Deer identified as widespread carrier of coronavirus: study
Yet another study of white-tailed deer suggests that the North American population is harboring widespread coronavirus infection.
That rate of infection was said to be “effectively 50 times” more pervasive in deer than Iowa’s human population.
The pre-print report, now awaiting review from scientific peers prior to publication, showed that deer may have picked up the virus from humans sometime during the testing period, between April 2020 and January 2021, though Penn State researchers are not clear as to how cross-transmission could have occurred.
Their samples were derived from both roadkill and deer felled by hunters. An analysis of their lymph nodes reflected a genomic sequencing that hinted the virus had first traveled through humans before infecting the deer.
Conversely, there is yet no evidence to suggest that humans have contracted the virus from deer.
However, the prevalence of coronavirus among animals may hamper efforts to eradicate the disease from nature — meaning that the elimination of COVID-19 in humans wouldn’t necessarily be enough to prevent another outbreak.
Researchers and Iowa wildlife officials are sounding the alarm, particularly for deer hunters and other animal handlers, warning them to take extreme precautions with the animal in nature.
A survey by the U.S. Department of Agriculture’s Animal and Plant Health Inspection Service released in August indicated a high level of antibodies in deer throughout a number of states, including Pennsylvania, Illinois, Michigan and New York — confirming they had been exposed to the virus at some point. The new report, however, confirms infection.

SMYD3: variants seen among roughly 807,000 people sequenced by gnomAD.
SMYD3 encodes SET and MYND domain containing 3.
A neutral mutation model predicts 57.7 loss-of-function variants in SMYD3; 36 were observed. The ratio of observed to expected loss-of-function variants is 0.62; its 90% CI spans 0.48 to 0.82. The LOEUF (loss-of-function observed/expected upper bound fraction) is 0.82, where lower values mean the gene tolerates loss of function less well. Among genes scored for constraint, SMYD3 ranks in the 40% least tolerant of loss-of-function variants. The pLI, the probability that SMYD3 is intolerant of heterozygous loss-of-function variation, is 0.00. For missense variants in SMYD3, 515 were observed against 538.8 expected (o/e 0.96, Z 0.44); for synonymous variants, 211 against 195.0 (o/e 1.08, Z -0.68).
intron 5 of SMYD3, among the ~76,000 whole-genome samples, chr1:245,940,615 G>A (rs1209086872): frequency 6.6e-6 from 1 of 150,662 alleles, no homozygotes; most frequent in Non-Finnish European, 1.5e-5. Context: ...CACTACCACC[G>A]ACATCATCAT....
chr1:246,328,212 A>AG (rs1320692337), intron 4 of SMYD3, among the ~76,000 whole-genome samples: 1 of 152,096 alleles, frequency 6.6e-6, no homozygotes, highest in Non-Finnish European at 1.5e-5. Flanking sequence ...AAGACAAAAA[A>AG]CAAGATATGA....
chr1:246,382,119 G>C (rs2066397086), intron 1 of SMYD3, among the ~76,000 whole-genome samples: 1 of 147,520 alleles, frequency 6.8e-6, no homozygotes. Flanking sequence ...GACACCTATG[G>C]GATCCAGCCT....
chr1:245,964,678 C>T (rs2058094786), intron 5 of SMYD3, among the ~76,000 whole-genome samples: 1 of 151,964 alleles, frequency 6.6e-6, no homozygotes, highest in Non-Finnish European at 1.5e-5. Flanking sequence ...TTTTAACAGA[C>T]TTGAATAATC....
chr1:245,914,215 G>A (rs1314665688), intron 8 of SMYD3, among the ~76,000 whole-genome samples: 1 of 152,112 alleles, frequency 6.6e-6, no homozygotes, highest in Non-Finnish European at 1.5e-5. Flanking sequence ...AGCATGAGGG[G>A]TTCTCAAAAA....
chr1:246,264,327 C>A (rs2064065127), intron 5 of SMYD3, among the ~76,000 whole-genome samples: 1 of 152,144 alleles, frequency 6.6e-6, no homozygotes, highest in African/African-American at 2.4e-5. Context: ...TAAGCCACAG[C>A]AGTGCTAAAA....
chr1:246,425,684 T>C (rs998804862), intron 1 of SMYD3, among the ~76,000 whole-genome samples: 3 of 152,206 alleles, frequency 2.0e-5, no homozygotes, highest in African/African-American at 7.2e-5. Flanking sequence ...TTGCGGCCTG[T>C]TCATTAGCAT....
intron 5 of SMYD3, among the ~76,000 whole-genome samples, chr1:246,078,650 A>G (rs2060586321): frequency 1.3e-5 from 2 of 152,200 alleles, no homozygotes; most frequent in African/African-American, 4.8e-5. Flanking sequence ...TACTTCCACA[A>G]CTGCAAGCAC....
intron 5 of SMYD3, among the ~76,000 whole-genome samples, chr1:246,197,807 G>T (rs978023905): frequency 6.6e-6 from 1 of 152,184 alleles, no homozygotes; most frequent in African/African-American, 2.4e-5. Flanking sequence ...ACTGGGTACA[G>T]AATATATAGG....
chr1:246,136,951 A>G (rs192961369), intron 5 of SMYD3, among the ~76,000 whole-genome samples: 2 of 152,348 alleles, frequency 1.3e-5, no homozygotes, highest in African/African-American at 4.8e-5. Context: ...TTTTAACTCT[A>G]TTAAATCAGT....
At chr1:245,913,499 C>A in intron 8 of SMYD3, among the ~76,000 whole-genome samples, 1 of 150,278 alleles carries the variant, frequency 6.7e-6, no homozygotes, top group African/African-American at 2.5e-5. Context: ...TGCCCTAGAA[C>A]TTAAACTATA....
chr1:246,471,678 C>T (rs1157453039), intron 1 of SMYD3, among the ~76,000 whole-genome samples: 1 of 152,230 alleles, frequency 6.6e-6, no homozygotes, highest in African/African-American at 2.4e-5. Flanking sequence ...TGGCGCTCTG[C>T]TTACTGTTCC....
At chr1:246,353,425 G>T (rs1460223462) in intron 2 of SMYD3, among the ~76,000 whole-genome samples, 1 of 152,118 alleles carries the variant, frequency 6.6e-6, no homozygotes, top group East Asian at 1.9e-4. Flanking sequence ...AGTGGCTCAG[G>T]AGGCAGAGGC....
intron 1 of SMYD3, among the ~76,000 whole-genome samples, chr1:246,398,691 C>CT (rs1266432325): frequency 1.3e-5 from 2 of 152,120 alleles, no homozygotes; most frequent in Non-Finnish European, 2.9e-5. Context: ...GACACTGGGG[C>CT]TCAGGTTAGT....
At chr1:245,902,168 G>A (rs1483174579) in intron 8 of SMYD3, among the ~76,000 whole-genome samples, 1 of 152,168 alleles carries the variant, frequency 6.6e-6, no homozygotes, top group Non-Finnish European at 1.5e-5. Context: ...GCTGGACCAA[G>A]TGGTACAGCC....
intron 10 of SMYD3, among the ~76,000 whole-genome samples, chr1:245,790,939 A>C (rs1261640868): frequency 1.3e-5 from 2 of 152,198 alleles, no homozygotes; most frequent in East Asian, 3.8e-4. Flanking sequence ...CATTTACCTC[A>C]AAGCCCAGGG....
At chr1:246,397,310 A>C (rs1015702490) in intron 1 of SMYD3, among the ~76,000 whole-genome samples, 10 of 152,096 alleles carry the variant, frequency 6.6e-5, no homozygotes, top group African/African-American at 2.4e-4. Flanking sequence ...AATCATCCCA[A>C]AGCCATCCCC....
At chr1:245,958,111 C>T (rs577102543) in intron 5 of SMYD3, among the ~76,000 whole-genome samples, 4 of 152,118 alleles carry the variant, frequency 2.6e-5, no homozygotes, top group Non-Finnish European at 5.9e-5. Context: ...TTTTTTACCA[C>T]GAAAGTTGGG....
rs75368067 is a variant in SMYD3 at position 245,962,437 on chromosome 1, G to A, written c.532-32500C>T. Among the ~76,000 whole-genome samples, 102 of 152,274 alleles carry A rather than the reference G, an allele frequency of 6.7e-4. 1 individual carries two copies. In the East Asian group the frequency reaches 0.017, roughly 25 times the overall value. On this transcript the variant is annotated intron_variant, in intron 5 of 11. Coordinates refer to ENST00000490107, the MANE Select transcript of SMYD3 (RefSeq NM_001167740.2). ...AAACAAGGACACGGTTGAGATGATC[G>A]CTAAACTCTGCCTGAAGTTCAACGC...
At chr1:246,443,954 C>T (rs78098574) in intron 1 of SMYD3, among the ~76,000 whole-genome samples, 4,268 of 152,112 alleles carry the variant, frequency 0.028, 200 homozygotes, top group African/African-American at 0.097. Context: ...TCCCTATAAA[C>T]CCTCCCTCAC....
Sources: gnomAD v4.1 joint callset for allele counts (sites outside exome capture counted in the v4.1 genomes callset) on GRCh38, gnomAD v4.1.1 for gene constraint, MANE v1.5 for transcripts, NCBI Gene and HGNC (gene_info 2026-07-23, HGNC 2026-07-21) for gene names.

“It was effectively showing up in all parts of the state,” said Penn State research Dr. Suresh Kuchipudi. “We were dumbfounded.”
A spokesperson for the National Veterinary Services Laboratories verified the results of the new study to The Times.
It comes as no surprise that deer are susceptible to coronavirus as many other animals are proven conduits for the disease, including bats, cats, dogs, ferrets, monkeys and mink — the latter of which are known to become infected with SARS-CoV2, the virus that causes COVID-19 illness, by interacting with sickened human handlers, as well as pass that infection back to humans. As a result, millions in Denmark were culled to prevent further spread between species.
Fostered within animals populations, the virus could become stronger with time, scientists have said, leading to potentially new, aggressive strains.
This content was originally published here.